Brigham, her oldest child, was potty-trained before entering state custody but has regressed. When she leaves, he screams. "There wasn't once when I left him he wasn't crying," Emack said.
The FLDS parents who came to the court hearings kept their composure throughout the proceedings. Prayers and faith kept them going, some said.
"We are a peaceful people," Emack said.
Texas officials raided the YFZ Ranch to investigate a later-discounted abuse allegation. Once there, they said they found evidence of a pattern of abuse - such as sex with underage girls - that justified removal of all children.
"The very first interviews at the ranch revealed a pattern of underage girls being 'spiritually united' with older men and having children with the men," their Thursday statement said. Records found at the ranch listed "13 girls who were ages 16 and 17, including nine living at the YFZ Ranch. All nine of the girls living at the ranch were listed as wives in the document."
But the appeals court ruled DFPS failed to provide, as required by Texas law, "any evidence of danger to the physical health or safety" of children on the ranch who had not reached puberty.
The department also did not prove pubescent girls were in physical danger, the judges said.
DFPS officials testified that five girls who became pregnant at ages 15 and 16 - coupled with an FLDS belief system condoning underage marriage and pregnancy - warranted immediate removal. But that simply wasn't enough, the judges said.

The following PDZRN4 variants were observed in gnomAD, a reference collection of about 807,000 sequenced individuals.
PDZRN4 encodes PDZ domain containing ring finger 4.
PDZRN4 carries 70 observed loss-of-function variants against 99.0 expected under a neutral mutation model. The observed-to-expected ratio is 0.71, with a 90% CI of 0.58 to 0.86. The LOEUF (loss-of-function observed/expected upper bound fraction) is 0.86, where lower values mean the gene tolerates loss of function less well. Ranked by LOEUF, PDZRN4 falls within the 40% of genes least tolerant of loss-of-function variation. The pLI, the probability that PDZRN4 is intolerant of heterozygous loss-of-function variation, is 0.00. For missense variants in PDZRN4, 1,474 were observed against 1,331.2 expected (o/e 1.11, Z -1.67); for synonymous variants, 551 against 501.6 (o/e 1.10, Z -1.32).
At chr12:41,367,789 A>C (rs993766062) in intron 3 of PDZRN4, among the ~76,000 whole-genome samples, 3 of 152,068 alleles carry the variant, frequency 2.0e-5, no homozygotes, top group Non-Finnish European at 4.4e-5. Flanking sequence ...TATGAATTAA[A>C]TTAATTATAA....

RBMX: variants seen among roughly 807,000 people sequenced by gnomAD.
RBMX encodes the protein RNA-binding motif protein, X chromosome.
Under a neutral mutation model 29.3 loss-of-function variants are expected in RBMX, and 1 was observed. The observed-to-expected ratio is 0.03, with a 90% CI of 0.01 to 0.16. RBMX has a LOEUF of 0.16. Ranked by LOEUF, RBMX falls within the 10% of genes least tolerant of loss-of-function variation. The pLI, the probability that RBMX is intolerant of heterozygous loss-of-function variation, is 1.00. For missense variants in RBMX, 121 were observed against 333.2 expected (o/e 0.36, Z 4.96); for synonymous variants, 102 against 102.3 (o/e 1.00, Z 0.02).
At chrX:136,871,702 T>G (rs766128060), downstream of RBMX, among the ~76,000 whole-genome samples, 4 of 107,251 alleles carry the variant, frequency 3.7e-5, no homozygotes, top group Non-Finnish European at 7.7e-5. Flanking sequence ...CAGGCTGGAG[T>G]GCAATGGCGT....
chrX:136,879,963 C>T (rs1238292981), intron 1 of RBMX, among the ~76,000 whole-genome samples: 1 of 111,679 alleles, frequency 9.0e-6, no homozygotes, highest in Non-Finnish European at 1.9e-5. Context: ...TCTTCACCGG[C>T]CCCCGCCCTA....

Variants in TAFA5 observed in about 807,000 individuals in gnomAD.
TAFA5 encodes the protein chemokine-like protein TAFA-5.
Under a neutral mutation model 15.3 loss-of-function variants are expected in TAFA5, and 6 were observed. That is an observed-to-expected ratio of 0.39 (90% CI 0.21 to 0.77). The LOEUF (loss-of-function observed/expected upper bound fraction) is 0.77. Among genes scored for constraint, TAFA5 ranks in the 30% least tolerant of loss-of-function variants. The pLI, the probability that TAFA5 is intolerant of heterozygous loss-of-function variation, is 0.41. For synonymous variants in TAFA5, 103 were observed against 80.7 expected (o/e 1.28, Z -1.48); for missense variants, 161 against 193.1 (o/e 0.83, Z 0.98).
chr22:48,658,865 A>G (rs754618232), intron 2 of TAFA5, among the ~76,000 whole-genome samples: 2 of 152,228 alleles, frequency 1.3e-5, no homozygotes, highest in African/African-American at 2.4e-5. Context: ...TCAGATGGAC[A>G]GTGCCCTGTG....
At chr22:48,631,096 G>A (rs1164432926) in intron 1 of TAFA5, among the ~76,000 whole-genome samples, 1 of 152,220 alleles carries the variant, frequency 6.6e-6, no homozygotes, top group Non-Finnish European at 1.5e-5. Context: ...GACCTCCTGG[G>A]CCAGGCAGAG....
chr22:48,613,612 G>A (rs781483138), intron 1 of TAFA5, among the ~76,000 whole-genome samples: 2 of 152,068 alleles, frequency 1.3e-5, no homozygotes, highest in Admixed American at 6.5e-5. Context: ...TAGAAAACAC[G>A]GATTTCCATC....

"The existence of the FLDS belief system as described by the department's witnesses, by itself, does not put children of FLDS parents in physical danger," the appeals court wrote. "It is the imposition of certain alleged tenets of that system on specific individuals that may put them in physical danger."
Lawyer Nancy DeLong praised the appeal courts' criticism of the en masse hearing in April.
"I think this is a first step toward recognizing the hearing was not done correctly and that there are certain rights parents have," she said. "We're very hopeful the district court will abide by this decision."
Anti-polygamy activists who had hailed the Texas action were subdued Thursday.
"I'm very disappointed and I think we'll wait for the Supreme Court to rule on this," said Flora Jessop, a former member of the sect who has long urged such action against the FLDS.
Utah Attorney General Mark Shurtleff testified before the Texas Legislature in 2005 when it crafted laws targeting the sect. On Thursday, he said that while he supported the state, he felt they were going to have to "prove, on a case-by-case bases, abuse or neglect or imminent danger. Where they were going with this group theory that . . . it's a pervasive practice and therefore we don't need to prove this particular child has been or will be abused - I just didn't think that was going to fly."
* ERIN ALBERTY contributed to this report.
It is not yet clear how soon FLDS children could return to the YFZ Ranch. Possible scenarios:
* The ruling by the 3rd Court of Appeals goes into effect immediately. If 51st District Judge Barbara Walther does not vacate her order putting the children in state custody, the appeals court will release the children.
* Meanwhile, the Department of Family and Protective Services could decide to comply with the appellate ruling, sending some or all of the children back.
* The agency could instead seek a stay.
* It may also, within 15 days, seek a rehearing before the appeals court. That appeal could be narrowed to only children it believes can be proven to be in danger.
These things have I spoken unto you, that ye should not be offended.
They shall put you out of the synagogues: yea, the time cometh, that whosoever killeth you will think that he doeth God service.
And these things will they do unto you, because they have not known the Father, nor me.
John 16: 1-3.